Bernard Maingain, Burundi putschists' lawyer
Bernard Maingain has been denied the right to defend his client after being told the Burundian justice has opened a case against himMEHDI FEDOUACH/AFP/Getty Images

A Belgian lawyer, who is defending a putschist general accused of involvement in an attempted coup against Burundi's President Pierre Nkurunziza, is himself being prosecuted by the Burundian justice system.

The trial of 28 people accused over an attempt to overthrow the president on 13 May started on Monday (14 December) – seven months after the Burundian army led by General Godefroid Niyombare announced a coup on 13 May.

After hours of pitched battle between forces loyal to Nkurunziza and supporters of the coup, the insurgents surrendered and Burundian forces arrested the putschists on Friday 15 May.

The trial of the coup plotters – including a former defence minister, Cyrille Ndayirukiye, and 27 other senior military and police officials – was supposed to start on Tuesday 9 June with a preliminary hearing in which a judge should have decided whether the prisoners should be released on bail.

Burundi's civil society lawyer, Belgian attorney Bernard Maingain, who was defending General Ndayirukiye with two other Burundian lawyers, did not attend the trial.

"During the trial, prosecutors confirmed that I was the subject of prosecution and therefore it was impossible for me to speak on the record," he told the AFP. "There is a court case against me for complicity in the coup. I do not know what is in it."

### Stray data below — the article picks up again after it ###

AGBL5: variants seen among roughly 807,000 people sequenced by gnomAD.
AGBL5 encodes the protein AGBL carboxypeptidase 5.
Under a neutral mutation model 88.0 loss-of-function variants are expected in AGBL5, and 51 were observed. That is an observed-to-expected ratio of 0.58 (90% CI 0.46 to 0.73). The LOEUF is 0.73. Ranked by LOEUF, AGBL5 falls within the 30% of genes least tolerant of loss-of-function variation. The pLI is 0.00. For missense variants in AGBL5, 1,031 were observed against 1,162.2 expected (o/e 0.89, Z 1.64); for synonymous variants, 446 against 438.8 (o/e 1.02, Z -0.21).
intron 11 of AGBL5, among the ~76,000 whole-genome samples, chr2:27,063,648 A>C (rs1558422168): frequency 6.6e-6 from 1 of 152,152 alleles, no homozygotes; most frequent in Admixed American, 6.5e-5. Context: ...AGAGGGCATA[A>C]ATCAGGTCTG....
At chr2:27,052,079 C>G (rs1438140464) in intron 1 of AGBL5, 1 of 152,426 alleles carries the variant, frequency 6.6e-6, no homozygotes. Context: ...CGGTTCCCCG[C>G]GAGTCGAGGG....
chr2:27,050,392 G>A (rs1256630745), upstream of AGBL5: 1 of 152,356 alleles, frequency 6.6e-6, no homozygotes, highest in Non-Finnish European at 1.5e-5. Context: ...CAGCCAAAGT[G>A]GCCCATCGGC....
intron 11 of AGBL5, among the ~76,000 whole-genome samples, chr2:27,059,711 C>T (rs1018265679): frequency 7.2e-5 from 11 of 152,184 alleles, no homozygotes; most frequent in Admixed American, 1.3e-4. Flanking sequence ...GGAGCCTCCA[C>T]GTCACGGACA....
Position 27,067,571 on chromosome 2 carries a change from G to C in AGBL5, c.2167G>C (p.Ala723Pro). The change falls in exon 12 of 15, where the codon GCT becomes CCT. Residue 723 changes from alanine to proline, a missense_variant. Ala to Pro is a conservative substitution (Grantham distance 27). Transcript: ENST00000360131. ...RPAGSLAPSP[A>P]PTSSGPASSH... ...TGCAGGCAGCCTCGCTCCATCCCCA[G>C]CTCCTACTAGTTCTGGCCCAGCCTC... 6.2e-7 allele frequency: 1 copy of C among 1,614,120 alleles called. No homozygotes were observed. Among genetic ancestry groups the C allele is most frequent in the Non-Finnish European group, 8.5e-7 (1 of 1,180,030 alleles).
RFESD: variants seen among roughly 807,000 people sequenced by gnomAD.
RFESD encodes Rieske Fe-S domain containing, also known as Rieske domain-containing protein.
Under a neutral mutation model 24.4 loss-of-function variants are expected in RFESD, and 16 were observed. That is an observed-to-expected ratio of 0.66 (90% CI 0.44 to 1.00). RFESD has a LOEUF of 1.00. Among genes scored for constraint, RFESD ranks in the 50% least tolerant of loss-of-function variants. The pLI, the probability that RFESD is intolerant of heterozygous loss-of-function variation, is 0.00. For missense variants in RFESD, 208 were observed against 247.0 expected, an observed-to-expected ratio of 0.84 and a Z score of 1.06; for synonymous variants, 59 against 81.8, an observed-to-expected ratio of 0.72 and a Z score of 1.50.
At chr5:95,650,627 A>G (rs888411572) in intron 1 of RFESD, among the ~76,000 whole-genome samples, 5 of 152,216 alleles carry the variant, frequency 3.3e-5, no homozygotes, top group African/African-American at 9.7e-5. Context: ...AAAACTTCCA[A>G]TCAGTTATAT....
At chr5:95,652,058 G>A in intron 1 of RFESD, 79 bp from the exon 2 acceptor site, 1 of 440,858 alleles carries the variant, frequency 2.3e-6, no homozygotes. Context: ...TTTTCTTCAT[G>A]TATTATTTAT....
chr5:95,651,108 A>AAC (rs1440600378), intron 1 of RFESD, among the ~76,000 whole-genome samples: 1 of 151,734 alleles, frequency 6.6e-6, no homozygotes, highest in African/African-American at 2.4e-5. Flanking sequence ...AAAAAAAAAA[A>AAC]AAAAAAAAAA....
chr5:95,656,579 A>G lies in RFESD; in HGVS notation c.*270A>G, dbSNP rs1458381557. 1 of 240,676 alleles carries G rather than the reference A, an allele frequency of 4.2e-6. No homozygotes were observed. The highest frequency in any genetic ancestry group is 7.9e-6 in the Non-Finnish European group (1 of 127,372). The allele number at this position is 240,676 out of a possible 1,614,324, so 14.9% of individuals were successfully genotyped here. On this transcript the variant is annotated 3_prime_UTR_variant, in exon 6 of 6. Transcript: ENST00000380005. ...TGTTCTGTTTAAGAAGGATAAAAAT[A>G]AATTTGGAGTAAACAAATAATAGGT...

"Maingain cannot be a lawyer in the case, as he is prosecuted in this case, " the prosecutor Adolphe Manirakiza said at the hearing in Gitega, on Monday December 14, according to comments reported by a witness.

The magistrate has yet to disclose what charges are held against the Belgian lawyer.

Maingain had spoken of secret plot

In May, IBTimes UK revealed that the United Nation's Security Council on 8 May received a file containing the details of the alleged assassinations of 22 figures of the Burundian opposition.

Maingain, said the file – which he managed to sneak out of Burundi – included allegations about a secret service plot to kill those against the President Pierre Nkurunziza's contested third term.

Collaborators of the special adviser to the President, General Adolphe Nshimirimana, whose role is crucial although he is officially no longer the director of intelligence services, came forward on 10 and 11 April, and wrote extensive statements in which they described the supposed involvement of Burundi's intelligence service in mass assassinations of political opponents.

"I have the list of 22 Burundian opponents murdered from 2010 to date as well as the names of all those who committed the assassinations," Maingain said over the phone at the time.

In another case handed to the UN Security Council on 8 May – the day the body met to discuss the situation in Burundi – Maingain disclosed plans by intelligence services to sabotage the opposition.

"This witness also explained how people in power, linked to the Intelligence services, had come up with a strategy to spread violence during civil society protests by discretely introducing armed men among the protesters, who would then fire, and by having a special police force that would act to facilitate a climate of riot and destabilisation so that protesters would then be considered to be terrorists, and protests called a rebel movement," the lawyer explained.

The second witness, who was his immediate superior and a "very high level" within General Nshimirimana's intelligence services, described a plan to allegedly destabilise the region by sending members of the Imbonerakure, the pro-Nkurunziza militia, to train in the Democratic Republic of Congo (DRC).